• Note: When you are referring to parts of the previous command using the special characters ^, $, *, -, or %, you can leave out the colon character, :, used to declare substitutions, that usually follows the !! character,

Parameter Expansion

  • ${parameter:-word}
    • If parameter is unset or null, the expansion of word is substituted. Otherwise, the value of parameter is substituted.
  • ${parameter:=word}
    • If parameter is unset or null, the expansion of word is assigned to parameter. The value of parameter is then substituted. Positional parameters and special parameters may not be assigned to in this way.
  • ${parameter:?word}
    • If parameter is null or unset, the expansion of word (or a message to that effect if word is not present) is written to the standard error and the shell, if it is not interactive, exits. Otherwise, the value of parameter is substituted.
  • ${parameter:+word}
    • If parameter is null or unset, nothing is substituted, otherwise the expansion of word is substituted.

Directory Expansion

  • ~+: Expands to $PWD
  • ~-: Expands to $OLDPWD


Loading Bar

You can use ANSI escape codes to make a loading bar

for i in {1..100}; do
  # Print the loading as a percentage, with color formatting
  printf "Loading: \x1b[38;5;${i}m${i}%%\x1b[0m\n"
  sleep 0.01
  # Return to the previous line above
  printf "\x1b[1F"
# Return to the line below
printf "\x1b[E"
for i in {1..255}; do
  printf "\x1b[38;5;${i}mwow\x1b[0m\n"
  sleep 0.01
  printf "\x1b[1F"
# Return to the line below
printf "\x1b[E"

Read Words Into Array

  • words.txt
    the day is sunny the the
    the sunny is is
    echo ${#words} # 10
    echo ${words}
    # => "the day is sunny the the the sunny is is"

Handling Signals With Trap

	echo "TRAPINT() called: ^C was pressed"

	echo "TRAPQUIT() called: ^\\ was pressed"

	echo "TRAPTERM() called: \`kill\` command received"

	echo "TRAPEXIT() called: happens at the end of the script no matter what"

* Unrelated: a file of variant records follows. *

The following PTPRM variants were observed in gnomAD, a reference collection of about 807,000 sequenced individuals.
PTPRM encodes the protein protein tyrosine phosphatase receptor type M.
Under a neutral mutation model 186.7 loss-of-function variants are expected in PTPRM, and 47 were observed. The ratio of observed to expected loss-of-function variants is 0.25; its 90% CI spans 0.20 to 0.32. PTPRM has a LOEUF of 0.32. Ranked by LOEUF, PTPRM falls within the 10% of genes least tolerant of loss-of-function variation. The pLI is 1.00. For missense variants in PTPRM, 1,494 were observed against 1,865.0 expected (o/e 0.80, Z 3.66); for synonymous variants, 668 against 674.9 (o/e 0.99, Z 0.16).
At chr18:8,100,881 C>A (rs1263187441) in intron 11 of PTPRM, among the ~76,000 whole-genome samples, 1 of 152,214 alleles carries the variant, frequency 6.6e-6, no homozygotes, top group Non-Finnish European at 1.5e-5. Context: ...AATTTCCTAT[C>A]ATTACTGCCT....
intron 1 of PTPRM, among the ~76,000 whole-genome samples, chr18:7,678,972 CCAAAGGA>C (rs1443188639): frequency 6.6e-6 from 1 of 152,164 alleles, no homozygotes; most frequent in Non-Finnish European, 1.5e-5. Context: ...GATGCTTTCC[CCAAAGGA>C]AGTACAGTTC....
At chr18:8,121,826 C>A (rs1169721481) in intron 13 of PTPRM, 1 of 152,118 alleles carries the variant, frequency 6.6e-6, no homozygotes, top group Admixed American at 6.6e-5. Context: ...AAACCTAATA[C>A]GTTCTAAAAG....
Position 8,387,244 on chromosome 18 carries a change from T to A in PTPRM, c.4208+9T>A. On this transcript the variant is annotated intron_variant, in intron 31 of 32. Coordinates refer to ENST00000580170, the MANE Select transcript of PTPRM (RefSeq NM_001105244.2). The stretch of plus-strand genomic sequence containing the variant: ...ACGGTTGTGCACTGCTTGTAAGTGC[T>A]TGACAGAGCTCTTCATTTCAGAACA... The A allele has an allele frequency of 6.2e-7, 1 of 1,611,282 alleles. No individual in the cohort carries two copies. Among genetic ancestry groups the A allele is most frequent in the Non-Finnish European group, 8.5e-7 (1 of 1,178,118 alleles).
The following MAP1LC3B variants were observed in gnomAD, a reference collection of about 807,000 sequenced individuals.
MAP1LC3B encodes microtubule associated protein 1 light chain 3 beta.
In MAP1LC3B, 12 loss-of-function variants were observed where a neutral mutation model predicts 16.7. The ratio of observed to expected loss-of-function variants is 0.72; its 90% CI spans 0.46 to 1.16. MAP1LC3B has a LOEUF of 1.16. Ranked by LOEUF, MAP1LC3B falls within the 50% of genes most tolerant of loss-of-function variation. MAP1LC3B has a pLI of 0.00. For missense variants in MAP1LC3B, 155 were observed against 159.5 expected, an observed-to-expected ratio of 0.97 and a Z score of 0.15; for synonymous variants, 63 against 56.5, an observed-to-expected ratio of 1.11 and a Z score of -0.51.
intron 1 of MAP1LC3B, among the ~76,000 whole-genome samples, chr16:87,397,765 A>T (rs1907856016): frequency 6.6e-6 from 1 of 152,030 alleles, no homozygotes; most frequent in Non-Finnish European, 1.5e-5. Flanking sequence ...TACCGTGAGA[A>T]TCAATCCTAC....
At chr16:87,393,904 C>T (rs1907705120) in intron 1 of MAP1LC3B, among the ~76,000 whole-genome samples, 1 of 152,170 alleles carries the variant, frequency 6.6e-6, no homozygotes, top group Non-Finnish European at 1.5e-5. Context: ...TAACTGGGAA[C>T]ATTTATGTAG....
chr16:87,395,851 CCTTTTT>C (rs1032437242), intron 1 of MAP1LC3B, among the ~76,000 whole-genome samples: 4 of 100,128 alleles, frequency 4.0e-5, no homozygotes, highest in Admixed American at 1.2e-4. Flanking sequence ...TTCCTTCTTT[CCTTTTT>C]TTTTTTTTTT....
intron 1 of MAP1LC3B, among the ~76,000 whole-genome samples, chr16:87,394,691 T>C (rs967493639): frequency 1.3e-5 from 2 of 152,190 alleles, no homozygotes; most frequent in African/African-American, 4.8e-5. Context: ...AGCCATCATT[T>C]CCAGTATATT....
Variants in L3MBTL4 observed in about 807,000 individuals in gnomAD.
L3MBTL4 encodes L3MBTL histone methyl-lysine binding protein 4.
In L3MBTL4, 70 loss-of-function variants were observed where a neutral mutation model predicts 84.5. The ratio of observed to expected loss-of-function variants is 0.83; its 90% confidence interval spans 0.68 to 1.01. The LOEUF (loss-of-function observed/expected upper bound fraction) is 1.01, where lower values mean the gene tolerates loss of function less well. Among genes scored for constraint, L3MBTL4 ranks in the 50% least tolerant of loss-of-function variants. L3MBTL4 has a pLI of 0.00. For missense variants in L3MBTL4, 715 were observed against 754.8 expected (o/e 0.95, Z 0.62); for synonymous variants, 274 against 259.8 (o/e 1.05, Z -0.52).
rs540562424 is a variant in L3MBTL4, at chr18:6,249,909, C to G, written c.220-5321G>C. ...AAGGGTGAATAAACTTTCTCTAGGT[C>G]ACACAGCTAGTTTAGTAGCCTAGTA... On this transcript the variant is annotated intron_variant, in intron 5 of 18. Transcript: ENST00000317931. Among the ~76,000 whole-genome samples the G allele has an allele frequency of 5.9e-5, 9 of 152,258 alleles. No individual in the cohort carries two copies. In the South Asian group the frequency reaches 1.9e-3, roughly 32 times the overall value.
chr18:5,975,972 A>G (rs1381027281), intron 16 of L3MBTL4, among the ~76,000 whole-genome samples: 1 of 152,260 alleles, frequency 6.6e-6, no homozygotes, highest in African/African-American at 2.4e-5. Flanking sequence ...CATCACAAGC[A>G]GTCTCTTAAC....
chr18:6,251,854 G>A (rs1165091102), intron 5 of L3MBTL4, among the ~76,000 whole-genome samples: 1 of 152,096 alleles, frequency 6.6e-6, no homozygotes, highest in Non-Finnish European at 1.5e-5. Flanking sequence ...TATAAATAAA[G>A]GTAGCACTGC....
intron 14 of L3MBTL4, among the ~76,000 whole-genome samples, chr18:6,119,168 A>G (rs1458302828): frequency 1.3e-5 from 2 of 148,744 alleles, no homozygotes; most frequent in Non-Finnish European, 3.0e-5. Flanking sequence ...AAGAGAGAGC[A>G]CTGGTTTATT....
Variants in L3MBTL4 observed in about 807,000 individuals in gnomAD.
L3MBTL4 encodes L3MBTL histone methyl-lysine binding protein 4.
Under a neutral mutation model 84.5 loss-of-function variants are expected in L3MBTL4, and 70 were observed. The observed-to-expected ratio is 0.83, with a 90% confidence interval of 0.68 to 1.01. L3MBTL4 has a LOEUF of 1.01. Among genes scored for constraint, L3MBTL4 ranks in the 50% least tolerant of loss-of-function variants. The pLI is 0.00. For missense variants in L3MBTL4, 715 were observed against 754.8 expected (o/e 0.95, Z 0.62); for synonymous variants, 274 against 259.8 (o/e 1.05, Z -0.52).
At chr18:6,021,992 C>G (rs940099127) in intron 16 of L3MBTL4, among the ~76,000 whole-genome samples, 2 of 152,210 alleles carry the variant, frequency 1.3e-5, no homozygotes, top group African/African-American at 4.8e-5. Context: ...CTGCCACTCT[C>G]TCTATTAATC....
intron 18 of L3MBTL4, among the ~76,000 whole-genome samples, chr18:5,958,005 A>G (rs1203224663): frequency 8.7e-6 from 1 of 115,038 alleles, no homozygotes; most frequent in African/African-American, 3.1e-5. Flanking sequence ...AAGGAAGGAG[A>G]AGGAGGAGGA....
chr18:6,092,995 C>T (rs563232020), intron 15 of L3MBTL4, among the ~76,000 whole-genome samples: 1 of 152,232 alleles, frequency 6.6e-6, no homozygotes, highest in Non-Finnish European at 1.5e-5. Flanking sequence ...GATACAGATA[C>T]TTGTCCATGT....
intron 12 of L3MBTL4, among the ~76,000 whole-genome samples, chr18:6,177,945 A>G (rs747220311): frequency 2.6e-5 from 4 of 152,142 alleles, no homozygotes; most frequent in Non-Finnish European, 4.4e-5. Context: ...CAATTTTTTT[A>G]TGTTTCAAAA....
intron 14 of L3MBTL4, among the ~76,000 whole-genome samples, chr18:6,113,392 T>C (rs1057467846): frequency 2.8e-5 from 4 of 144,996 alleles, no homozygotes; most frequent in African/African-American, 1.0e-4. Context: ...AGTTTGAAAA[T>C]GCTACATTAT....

for i in {1..5}; do
	echo ${i}
	sleep 1

For all of these TRAP[NAL]() functions, if the final command is return 0 (or if there is no return statement at all, then code execution will continue where the program left off, as if the signal was accepted, caught, and handled. If the return status of this function is non-zero, then the return status of the trap is retained, and the command execution that was previously taking place will be interrupted. You can do return $((128+$1)) to return the same status as if the signal had not been trapped

fc “find command”

  • List the last 10 commands in history

    fc -l -10
  • List commands number 800 through 850 in history

    fc -l 800 850


  • Remove files that haven’t been accessed in more than 1 day

    # For files (not directories) in `~/tmp`, list those
    # that haven't been accessed in at least 1 day
    for file in ~/tmp/**/*(.ad+1); do
      rm ${file}
    # `(.)` select files, but not directories
    # (ad+1) access time, >1 (d)ays from the present moment

Operator Expansion

  • "${(k)name}": If name is an associative array, the expression ${(k)name} will expand to the list of keys contained by the array name

  • (k) Print the keys of a assorted array

declare -A dict
print ${(k)dict}
# => `a b c`

You can split a string into an array by a delimiter with the (s) flag

print -l "${(s.:.)PATH}"
# => /bin
# => /usr/bin
# => /usr/local/bin
  • Note: zsh has a builtin function print which is more versatile than the standard echo command. For instance, the -l flag will print each entry in an array on a seperate line. In this case, we split a string by the : as a delimiter, turned that into an array, and passed it as the argument to print


zsh is capapable of some very powerful globbing. Without setting any options, you can recursively iterate through directories with **/*.

Glob Options

  • setopt null_glob: If a glob pattern is not matched, don’t return an error, return instead an empty string.

Glob Flags

  • (:a): return each globbed file’s absolute path.

    echo ./*(:a)
    # ./example.txt => /Users/tommy/example.txt
  • (:P): return each globbed file’s absolute path, resolved of any symbolic links

    echo ./*(:P)
    # ./example.txt => /Users/tommy/example.txt => /Users/tommy/real/example.txt
  • (:A): return each file’s absolute paths, trying to resolve symbolic links, falling back on the absolute file to the symlink file itself if the directory it points to does not exist.

    # [ Using (:A) ]
    ln -s /fake/path ~/Desktop/example
    echo ~/Desktop/example(:A)
    # => /Users/austin/Desktop/example
    # [ Using (:P) ]